This year, there are a few fixed rates on the Public Utilities Commission of Ohioís Apples to Apples chart, www.energychoice.ohio.gov or 800-686-7826, that could be competitive. This week, I saw one fixed price from Santanna Natural Gas Corp. for $2.59/mcf for 12 months, but it does carry a $100 cancellation fee. AEP Energy had one for $2.79/mcf for one year with a $10 cancellation fee. I am aware that there are other low rates that have been mailed to homes, and my advice is the same. Take a look at the term and cancellation fees. (Update 10/26/16: That Santanna rate is no longer the same price. The 12 month public rate is now $2.78/mcf. Rates change often, so you need to doublecheck before you commit or as you shop around).
But then there are some that are much higher. I saw one two-year deal for $5.59/mcf fixed with a $200 fee. Some of the monthly variable prices also looked to possibly be beating the SCO this month, but keep in mind most of the marketers donít have a formula they will share, so their prices could swing or they could offer a cheap price one month and high the next.
I did crunch some numbers and utilized an archive website that let me look up those NYMEX futures prices from previous years. I then took the average winter price, adjusted it with the ďadderĒ at the time, and compared it to the SCO prices for every year since 2012.
In looking at four yearís of winter data, 2012 through 2015, the average SCO beat the average adjusted futures price three out of the four years. It beat it by 83 cents in winter of 2015, 62 cents in 2014 and 66 cents in 2012. In 2013, the SCO was 20 cents higher than the adjusted futures average, but thatís still not too bad, in my opinion.
Murphy said itís important to remember that the Nymex is just an indicator of what the market believes prices will be. ďVariables like weather, storage inventories, use of natural gas for power generation and the like will inevitably cause actual prices to differ from those Nymex projections.Ē
Prices look to be moderate by historical standards, both with the SCO and fixed prices, he said.
In some ways, weíve gotten spoiled with these low prices because we forget that there were many years when we thought a $9.99/mcf or even a $12/mcf price was cheap while other prices soared to $16/mcf.
How do I know if Iím already on the SCO?
You can also use an educational website Dominion has set up, www.tinyurl.com/domeducate, with pictures of sample bills, to help you find where your supplier costs are. You are looking for the price you pay, which is close to the MCF usage on your bill. Bills vary, but look on the left-hand column above ďtotal current chargesĒ for the correct section.
If your bill has the letters ďSCOĒ next to a supplier, you are good to go and you donít have to do anything. As long as the bill says SCO, the supplier itself doesnít matter. Every year in April, Dominion randomly re-assigns the winning bidders in the auction to customers, so you may see a new name on your bill next to the SCO, but it should make no difference to you.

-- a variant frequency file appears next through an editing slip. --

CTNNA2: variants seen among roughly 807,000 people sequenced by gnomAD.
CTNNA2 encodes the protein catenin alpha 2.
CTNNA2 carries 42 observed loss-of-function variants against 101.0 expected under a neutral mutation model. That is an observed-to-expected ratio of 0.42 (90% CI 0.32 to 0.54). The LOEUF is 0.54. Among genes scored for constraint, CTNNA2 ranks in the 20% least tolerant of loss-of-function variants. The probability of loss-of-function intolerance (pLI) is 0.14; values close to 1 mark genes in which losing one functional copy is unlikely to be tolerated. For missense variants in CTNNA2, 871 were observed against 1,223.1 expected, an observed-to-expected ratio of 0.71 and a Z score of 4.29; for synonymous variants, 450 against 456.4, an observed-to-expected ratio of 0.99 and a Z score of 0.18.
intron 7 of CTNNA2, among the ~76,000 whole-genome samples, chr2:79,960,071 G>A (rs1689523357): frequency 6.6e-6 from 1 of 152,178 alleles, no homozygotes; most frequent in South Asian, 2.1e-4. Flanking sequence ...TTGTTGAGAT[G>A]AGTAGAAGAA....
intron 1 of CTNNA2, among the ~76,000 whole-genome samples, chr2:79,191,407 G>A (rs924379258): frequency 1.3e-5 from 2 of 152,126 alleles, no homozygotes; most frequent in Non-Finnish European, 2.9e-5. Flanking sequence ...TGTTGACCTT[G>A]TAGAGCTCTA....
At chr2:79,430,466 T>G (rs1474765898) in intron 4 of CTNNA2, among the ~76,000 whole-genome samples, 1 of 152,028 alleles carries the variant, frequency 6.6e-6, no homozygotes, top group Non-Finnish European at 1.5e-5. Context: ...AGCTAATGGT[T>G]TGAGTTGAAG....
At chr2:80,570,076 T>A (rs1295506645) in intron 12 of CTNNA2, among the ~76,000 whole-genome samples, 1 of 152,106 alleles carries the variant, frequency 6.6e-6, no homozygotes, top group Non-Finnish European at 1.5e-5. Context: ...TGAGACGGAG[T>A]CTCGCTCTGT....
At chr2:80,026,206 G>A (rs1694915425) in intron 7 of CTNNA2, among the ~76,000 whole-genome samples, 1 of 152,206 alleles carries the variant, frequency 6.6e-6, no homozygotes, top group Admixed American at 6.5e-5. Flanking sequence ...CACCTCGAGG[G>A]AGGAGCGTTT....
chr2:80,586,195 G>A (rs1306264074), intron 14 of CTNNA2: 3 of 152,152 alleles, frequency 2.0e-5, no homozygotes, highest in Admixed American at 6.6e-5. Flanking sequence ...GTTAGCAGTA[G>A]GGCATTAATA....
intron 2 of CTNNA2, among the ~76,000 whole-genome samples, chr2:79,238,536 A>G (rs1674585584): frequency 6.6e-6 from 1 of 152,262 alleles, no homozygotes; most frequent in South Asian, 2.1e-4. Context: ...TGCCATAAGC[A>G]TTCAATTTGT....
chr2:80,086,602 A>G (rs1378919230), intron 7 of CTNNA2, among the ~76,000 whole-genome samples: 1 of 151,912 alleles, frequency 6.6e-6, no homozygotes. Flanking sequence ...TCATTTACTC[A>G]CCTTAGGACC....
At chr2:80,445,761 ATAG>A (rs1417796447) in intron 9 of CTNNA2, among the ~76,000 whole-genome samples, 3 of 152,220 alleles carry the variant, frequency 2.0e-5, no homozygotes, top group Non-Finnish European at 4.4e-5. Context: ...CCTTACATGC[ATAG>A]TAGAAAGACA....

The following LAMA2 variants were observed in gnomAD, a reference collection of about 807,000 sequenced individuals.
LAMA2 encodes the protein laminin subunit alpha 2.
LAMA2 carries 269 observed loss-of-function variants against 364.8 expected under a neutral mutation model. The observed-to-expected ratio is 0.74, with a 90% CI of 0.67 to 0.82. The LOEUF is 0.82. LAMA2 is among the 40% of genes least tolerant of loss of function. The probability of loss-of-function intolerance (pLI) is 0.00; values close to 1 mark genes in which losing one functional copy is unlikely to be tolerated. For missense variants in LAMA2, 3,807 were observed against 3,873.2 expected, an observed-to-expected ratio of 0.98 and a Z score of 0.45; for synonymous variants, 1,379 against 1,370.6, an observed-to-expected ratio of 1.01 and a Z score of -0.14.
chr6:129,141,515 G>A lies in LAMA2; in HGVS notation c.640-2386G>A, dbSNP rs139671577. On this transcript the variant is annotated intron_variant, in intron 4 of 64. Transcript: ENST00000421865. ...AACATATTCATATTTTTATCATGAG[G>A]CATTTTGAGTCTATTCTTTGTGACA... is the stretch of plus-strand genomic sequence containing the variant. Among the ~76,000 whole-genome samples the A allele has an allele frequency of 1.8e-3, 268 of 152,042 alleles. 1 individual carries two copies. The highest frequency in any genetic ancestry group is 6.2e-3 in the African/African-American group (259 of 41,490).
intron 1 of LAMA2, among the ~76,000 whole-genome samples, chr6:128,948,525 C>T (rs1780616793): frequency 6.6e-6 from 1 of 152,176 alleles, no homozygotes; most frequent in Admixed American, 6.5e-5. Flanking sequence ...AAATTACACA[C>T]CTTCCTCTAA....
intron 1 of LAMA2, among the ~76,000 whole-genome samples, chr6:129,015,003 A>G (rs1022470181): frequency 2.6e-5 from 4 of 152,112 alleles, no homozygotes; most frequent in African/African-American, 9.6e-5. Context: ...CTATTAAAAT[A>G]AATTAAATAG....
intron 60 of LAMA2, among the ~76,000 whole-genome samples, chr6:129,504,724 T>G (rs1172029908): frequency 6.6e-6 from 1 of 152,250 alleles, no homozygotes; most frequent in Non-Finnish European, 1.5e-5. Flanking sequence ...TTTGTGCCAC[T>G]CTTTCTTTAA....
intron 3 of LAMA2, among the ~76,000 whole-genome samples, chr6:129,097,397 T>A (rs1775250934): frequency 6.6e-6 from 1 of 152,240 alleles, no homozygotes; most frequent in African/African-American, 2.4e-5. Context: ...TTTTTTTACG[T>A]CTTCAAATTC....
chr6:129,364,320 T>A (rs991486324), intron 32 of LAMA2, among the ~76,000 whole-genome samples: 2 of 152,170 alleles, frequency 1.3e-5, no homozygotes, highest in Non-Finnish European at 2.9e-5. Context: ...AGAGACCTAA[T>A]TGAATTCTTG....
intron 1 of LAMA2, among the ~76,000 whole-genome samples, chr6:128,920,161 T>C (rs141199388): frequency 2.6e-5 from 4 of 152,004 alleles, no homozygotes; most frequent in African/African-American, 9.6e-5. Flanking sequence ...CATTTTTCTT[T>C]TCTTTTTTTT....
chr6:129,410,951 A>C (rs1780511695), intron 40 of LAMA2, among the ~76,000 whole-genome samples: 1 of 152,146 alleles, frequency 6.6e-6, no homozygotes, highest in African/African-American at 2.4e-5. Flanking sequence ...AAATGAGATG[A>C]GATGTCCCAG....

You will continue to get the SCO unless you choose your own provider for a fixed rate or a variable rate from another marketer or through an aggregation, which is a government bulk-buying group.
How do I get the SCO?
As you spot-check your bill, if you are still on a fixed rate, or higher than the SCO, find out how much time is left on your contract and if there is a cancellation fee. Some fees can be hefty ó but you likely will save ó if your rate is high.
The average household uses about 100 mcf of gas a year. Take the difference between prices and multiply by 100 to see the savings.
To switch to the SCO, call Dominion at 800-362-7557 from 7 a.m. to 7 p.m. Monday through Friday. Mondays tend to be the among the busiest days, so perhaps pick a different day to call.
Tell Dominion you want to cancel your current provider and switch. You have to specifically ask for the SCO, or Dominion will move you to the nonregulated MVR by the third month instead of the SCO, which you donít want because they are those unregulated variable rates.
It will take up to two billing cycles to switch to what is called an ďSSOĒ (the same price as the SCO). If by the third month, you see ďMVRĒ instead of ďSCO,Ē call Dominion.
During the time you have the SSO, donít worry that the price looks higher.
Despite my advocating for Dominion to change their bill, it does not give you a separate line item for delivery charges, so that SSO price includes both the SCO and delivery charges, which everyone pays. In small print, it will list the SCO price. One note: a PUCO change a few years ago means nonresidential customers are no longer eligible for the SCO and must choose their own provider or pay the MVR.
What about aggregations?
Iíve written a lot about aggregations, or bulk-buying via communities, but there still seems to be confusion about them. Community officials created aggregation groups in the early 2000s, after voters passed ballot measures allowing the groups to be formed. Officials have told me over the years that they do their best to get the best price, but thereís no guarantee that the price is the best or will beat what you can get on your own, or lately with the SCO. Aggregations automatically include community members who havenít actively chosen their own fixed rate or variable rate supplier. For those of us on the SCO, though weíve ďchosenĒ that, for aggregation purposes, weíre still included in the aggregations, unless we opt-out, so make sure you donít ignore those notices.
Akron voters approved a ballot issue in March to create a gas aggregation. City officials tell me they are still working on getting that set up and will have options by next spring. So that is not a factor for this coming winter season.